It's Not a Donkey Farm

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Chapter 14

Daria held the letter, clutching it in both hands against her chest and stared at Alfie. She had no idea how long she sat for, silent and slightly trembling, as tears slid down her cheek. Alfie reached out and laid his hand on her arm.

‘It’s from Opa.’ Daria found she could hardly speak.

‘Are you ok? Just take your time’ he said gently.

‘Yes. No. I don’t know. Oh my god.’ she said, wiping her eyes as he handed her a tissue, ‘Do you know, you are my hanky dispenser. How come you always have them just when I need one?’ and she attempted a grin.

‘As I said, I am yours to beck and call.’ His voice was tender and he gently squeezed her arm, smiling encouragingly.

Daria felt incredibly grateful that, yet again, he was just letting her be. He wasn’t pressuring her to open the letter, questioning her why she wasn’t tearing it open immediately or asking why she was crying.

She took a deep breath and held the letter out in front of her. Staring at her name in his hand writing.

‘I wasn’t expecting this. I don’t know what I thought I’d find, but...’ and Daria found she didn’t know what to say next. She looked up at Alfie, feeling totally at a loss. ‘I don’t know what to do.’

‘Just take your time, it’s ok. I can see that this must be a bit of a shock.’

‘He never wrote letters. Never. Odd postcards sometimes, from even odder places. And sometimes they just said “Hey kid, love Opa”, and that was all. Never letters. It must be something dreadful. I can’t cope with anything dreadful.’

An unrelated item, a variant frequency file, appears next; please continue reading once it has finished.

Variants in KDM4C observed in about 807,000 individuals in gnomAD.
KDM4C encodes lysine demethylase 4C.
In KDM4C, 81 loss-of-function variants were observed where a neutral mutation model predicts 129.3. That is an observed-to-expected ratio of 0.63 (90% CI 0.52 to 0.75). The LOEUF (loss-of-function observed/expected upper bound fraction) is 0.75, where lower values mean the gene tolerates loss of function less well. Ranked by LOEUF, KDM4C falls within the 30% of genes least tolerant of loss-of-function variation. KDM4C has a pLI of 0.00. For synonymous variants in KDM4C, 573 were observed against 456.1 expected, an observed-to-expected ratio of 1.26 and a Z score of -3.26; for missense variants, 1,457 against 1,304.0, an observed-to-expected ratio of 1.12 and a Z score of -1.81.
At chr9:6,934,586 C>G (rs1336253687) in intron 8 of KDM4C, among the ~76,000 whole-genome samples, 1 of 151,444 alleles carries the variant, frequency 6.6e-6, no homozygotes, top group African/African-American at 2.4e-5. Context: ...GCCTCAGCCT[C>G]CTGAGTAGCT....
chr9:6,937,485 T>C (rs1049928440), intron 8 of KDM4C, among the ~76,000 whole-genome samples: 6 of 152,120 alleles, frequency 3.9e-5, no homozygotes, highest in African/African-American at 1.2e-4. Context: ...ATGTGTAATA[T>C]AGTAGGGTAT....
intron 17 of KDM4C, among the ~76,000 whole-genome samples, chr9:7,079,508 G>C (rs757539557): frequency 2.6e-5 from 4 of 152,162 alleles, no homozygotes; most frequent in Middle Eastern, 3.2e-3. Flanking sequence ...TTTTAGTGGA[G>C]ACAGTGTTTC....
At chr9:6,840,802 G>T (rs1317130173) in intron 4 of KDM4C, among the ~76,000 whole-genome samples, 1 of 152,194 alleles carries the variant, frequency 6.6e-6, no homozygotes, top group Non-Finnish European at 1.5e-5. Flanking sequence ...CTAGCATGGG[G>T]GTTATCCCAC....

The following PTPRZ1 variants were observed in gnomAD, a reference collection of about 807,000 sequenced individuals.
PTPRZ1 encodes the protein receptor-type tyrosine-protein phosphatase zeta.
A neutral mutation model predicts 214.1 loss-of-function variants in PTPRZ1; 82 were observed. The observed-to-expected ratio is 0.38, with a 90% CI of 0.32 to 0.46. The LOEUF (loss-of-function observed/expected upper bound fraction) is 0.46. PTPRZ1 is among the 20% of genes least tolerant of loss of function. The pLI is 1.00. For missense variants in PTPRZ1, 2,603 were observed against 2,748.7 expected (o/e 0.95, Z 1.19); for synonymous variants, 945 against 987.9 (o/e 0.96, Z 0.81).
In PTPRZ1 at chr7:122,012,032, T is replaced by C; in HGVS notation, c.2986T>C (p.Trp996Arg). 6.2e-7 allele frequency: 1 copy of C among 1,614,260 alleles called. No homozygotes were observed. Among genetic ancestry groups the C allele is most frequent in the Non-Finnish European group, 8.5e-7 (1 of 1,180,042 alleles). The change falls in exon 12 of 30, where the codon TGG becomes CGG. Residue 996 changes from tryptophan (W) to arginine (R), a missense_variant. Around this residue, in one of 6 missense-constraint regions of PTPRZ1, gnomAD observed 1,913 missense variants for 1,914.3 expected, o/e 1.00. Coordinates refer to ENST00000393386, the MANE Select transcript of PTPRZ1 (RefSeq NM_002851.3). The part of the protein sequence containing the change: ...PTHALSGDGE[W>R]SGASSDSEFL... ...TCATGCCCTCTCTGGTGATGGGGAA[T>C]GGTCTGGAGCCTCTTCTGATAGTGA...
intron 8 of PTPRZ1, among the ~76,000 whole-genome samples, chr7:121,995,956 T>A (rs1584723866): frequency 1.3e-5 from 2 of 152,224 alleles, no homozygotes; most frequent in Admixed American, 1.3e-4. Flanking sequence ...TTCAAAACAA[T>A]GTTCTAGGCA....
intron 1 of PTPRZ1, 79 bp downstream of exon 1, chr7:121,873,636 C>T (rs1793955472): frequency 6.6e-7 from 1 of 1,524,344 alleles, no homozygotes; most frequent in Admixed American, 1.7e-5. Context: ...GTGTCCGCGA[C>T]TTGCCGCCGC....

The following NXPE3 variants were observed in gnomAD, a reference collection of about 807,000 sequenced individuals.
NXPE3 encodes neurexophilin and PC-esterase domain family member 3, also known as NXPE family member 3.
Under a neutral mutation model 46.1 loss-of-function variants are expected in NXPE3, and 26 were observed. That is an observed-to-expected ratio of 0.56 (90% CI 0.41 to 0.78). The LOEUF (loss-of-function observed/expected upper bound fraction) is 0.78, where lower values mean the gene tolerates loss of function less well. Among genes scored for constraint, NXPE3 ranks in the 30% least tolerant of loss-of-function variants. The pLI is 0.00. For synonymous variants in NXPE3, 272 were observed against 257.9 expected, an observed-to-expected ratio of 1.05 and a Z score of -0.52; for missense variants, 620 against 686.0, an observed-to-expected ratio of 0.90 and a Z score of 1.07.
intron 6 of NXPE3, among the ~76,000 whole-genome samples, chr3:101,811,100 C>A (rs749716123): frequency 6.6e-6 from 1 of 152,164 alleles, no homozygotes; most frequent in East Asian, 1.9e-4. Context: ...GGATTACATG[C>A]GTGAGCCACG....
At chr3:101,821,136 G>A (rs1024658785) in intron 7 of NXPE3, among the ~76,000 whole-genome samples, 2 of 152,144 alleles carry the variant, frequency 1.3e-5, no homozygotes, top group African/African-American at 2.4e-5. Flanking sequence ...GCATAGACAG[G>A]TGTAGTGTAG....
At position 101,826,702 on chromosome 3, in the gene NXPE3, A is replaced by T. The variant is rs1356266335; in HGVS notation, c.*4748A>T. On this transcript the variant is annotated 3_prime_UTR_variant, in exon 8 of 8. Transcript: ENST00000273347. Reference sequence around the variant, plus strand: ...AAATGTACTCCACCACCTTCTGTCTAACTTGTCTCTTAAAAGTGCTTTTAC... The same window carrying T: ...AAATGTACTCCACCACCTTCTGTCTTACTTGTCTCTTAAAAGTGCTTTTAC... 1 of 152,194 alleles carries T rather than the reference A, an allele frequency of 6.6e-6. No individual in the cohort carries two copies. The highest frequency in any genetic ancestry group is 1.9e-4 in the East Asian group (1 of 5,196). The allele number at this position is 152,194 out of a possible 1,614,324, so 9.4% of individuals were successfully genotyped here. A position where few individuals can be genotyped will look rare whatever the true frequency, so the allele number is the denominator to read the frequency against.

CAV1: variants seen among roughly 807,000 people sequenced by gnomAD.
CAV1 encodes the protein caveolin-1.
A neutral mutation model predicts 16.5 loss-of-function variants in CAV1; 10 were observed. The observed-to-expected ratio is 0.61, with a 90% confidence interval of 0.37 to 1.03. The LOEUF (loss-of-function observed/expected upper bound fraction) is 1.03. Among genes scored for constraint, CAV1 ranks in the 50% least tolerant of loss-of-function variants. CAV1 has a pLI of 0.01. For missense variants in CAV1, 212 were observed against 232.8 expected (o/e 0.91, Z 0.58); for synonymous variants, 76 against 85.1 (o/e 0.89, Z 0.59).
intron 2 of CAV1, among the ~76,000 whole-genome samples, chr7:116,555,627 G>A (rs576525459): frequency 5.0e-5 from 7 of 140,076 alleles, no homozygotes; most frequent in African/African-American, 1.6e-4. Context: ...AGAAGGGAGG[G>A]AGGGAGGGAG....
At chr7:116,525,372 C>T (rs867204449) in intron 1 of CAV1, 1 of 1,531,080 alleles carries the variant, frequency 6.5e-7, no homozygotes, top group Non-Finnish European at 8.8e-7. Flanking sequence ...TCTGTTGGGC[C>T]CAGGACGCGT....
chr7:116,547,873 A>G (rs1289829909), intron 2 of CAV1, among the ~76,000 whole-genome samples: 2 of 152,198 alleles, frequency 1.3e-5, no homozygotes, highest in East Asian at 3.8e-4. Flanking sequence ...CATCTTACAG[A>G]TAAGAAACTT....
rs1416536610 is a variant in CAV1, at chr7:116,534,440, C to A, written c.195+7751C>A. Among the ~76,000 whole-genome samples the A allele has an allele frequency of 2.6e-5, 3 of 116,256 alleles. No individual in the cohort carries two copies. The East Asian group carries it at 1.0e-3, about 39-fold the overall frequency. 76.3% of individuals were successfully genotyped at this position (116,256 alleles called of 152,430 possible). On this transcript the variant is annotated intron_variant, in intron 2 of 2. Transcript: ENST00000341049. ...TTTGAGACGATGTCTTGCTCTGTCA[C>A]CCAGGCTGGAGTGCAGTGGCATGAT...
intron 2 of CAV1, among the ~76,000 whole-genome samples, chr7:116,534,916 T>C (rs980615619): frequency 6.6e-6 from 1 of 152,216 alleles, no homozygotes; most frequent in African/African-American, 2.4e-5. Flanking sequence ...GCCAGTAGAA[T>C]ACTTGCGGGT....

‘Well yes,’ he said, hesitatingly ‘but you don’t know that either. It might not be dreadful. It might be something amazing.’ He held her hand.

‘I can’t open it. I can’t.’

‘You’re trembling. Would you like a brandy? I expect you’ve shocked yourself sober.’ Daria appreciated his attempt at humour.

‘Fool. But, yes. That’s a great idea. Thank you.’

She took a deep breath and then a warming sip of brandy.

‘Daria’ said Alfie and she heard the serious tone in his voice. ‘Even if this is dreadful, even if it’s going to be hard to read, just think about a few things first. To begin with, it’s another thing you’ve discovered that’s from Opa to you. And that’s amazing. A new thing from him to you. Just like the trunk in the first place. So, it’s pretty exciting as well. And how on earth did you know there would be something there? Behind the painting? And from what I can gather, he was a gentle man. Despite everything that happened to him, or maybe even because of it. If it’s bad news, or whatever you’re afraid of, isn’t he going to say it gently? Don’t forget that he loved you. How many times has Tilly said that? And she’s right. As usual.’

‘Yes. Yes, I know. Yes, I do. You’re right. I know you are’ Daria took a deep breath ‘ok, here goes. God, I feel so nervous.’

Daria tried to smile at him, but felt as if her face was jittering. So she opened the envelope and unfolded the letter, smiling at seeing Opa’s spidery handwriting again.

“My dearest, loveliest Daria” she read out loud, then lifted her head, smiling widely at Alfie ‘oh, I can hear him saying it. I miss him.’

And she just stared at her name, written by him. Then she read on, in silence. But Daria found that she was skipping bits, that she wasn’t reading methodically. In her anxiety, she felt as if she wanted to know the contents of the letter all at once. She felt impatient to know what Opa wanted to tell her and wanted it all immediately. And it all wasn’t helped by her trembling hands.

‘Wait. I can’t do it. I’m not reading this properly’ she said, a look of anguish on her face.

‘Read it out loud. That will help’ said Alfie, ‘I’ll wait in the other room if you like. If you need this as a private moment and want to be alone.’

Daria smiled warmly at him. ‘No. No need for that. But that’s a good idea. I think I’ve answered you the wrong way round. But stay.’